Directors’ fees – a specialists’ perspective

In New Zealand most boards review their fee levels only every two, three or four years. Can you imagine telling any executive that there is no annual pay review, and you’ll take another look in three or four years to see if pay is still competitive? By Sherry Maier.

Across New Zealand as a whole, directors’ fees levels continue to “inch up” by two to five percent per year. While these percentages may seem high relative to CPI movements or base salary increases, keep in mind these are calculated on very low bases. A five percent increase for the market median base annual director fee of $35,000 is only $1,750 – really insignificant dollars spent for good governance. Compare this with a five percent increase for a chief executive with a base salary of $300,000 – this results in a $15,000 rise – certainly worth thinking about.

However, the market (following the longstanding media focus on percentage movements rather than absolute dollars) continues to be constrained by this percentage-based approach. 

Boards are hyper-aware of percentage movements, since “appearances” are so important to both the media and consequently, shareholders. While the total board fee pool may be disclosed and considered, pool figures are often muddled by the addition or deletion of a board seat, addition of committee fees or creation of a new committee, so the simplest analysis tends to look solely at base annual fees. In short, board fee increases have become a public relations exercise. 

Another legacy issue in New Zealand is that most boards review board fee levels only every two, three or four years. Can you imagine telling any executive that there is no annual pay review, and you’ll take another look in three or four years to see if pay is still competitive? 

As a result of these long intervals, board pay may get so far behind the market that catching up requires a double-digit increase – anathema to the market which sees this as pure greed – and overlooks the fact there has been no adjustment in recent memory.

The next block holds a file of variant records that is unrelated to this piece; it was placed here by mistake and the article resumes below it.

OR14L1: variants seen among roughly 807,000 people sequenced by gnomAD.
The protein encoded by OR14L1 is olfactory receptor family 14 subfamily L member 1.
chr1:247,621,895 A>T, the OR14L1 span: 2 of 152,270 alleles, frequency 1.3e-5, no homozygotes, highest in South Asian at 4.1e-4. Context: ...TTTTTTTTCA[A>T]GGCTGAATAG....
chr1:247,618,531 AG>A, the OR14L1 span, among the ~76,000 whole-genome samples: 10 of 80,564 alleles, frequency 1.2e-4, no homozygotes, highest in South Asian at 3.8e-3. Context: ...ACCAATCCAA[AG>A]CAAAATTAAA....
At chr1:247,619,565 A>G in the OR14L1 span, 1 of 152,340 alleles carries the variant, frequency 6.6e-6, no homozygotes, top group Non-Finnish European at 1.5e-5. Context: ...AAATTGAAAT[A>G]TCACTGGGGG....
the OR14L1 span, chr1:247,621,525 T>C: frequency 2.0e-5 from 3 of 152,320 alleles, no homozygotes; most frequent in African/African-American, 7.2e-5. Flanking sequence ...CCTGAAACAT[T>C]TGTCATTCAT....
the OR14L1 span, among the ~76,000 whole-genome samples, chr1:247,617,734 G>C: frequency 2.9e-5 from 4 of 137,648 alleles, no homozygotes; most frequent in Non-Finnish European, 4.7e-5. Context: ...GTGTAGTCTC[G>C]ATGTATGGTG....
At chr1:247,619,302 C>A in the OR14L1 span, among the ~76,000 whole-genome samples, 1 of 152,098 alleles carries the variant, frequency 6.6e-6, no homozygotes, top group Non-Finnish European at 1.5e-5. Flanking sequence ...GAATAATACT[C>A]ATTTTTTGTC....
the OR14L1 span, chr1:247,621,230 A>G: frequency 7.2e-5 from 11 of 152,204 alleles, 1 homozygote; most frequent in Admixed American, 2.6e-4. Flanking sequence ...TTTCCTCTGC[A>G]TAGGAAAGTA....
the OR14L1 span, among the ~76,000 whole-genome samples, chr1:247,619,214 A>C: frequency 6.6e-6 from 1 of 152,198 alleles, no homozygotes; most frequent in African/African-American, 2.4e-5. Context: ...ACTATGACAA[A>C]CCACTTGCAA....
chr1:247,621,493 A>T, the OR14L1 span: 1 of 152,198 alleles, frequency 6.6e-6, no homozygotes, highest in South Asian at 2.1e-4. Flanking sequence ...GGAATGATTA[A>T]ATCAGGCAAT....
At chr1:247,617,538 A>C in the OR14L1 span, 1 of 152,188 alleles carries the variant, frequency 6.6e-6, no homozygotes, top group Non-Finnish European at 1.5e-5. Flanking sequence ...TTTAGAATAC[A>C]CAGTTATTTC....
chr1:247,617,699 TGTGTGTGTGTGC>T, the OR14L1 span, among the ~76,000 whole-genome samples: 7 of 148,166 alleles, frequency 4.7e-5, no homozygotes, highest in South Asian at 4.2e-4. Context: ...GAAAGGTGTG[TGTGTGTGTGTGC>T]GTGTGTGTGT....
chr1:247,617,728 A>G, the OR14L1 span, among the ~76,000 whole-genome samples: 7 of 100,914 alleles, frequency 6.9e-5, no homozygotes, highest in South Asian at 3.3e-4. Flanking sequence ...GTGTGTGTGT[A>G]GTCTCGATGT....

Adding to the difficulty of raising fees after a lengthy interval, is that there is never a good time to raise fees. Unless the organisation is performing strongly, there is a view that it is inappropriate for the board to consider an increase. Few organisations can meet this standard: there are always challenges or setbacks or complications that suggest that further delay in fee review is a safer bet. 

In fact, times when organisations do confront challenges or need to navigate through difficulties is probably when the board’s skills, experience and time are most needed and of most value. Delaying review of board fees until we’re back in clear waters with no clouds on the horizon may mean a very long wait. 

For all these reasons, we advise clients to conduct annual reviews and make minor annual adjustments at a level as to be “un-newsworthy” and considered part of the normal annual business process and operation. 

Executives generally get modest increases every year – barring disastrous company performance – why not boards? This approach can really take the heat off, compared to occasional large “catch-up” adjustments that simply look bad.

Board fees for New Zealand companies tend to be a third to a half of fee levels paid at comparable-sized businesses in Australia – the most relevant market. These gaps have long existed and in fact, have widened over time. 

In our view, the single largest contributor to the relatively low level of board fees in New Zealand is the depressing effect of the large public sector ownership of New Zealand businesses and assets. State-owned Enterprises and Crown entities own and control a significant proportion of the country’s assets. Boards of these organisations are paid based on conservative fee frameworks. 

Since there is a seemingly endless supply of individuals (qualified or not) who are willing to serve on these boards, there is no market tension to pay competitive fees to attract top calibre, experienced directors. As a result, it has been eight years since most SOEs have enjoyed a base fee increase. There have been a few exceptions to this, often reflecting inability to recruit suitable directors at existing rates. 

Since base fees have not been adjusted for SOEs and Crown Entities, there has been a steady increase in “special fees” paid to certain organisations to retain current directors or to reflect additional, one-time projects. This was the case for the MOM companies (Mixed Ownership Model) including Meridian, Mighty River Power and Genesis Energy. Special fees have become a work-around used when base fees are inadequate for the risk and time involved in the directorship. 

Besides such special fees, we see an on going trend toward “unbundling” fees and paying separate committee fees to both committee chairs and committee members. Over time, it appears to us that more and more board work has devolved to committees, and committee responsibilities widened. 

We support this approach as being more direct and transparent and attributable to actual work done. Paying healthy committee fees also reduces pressure on raising base annual fees – another way to deliver pay for the work done without the high public profile.  M    [email protected]

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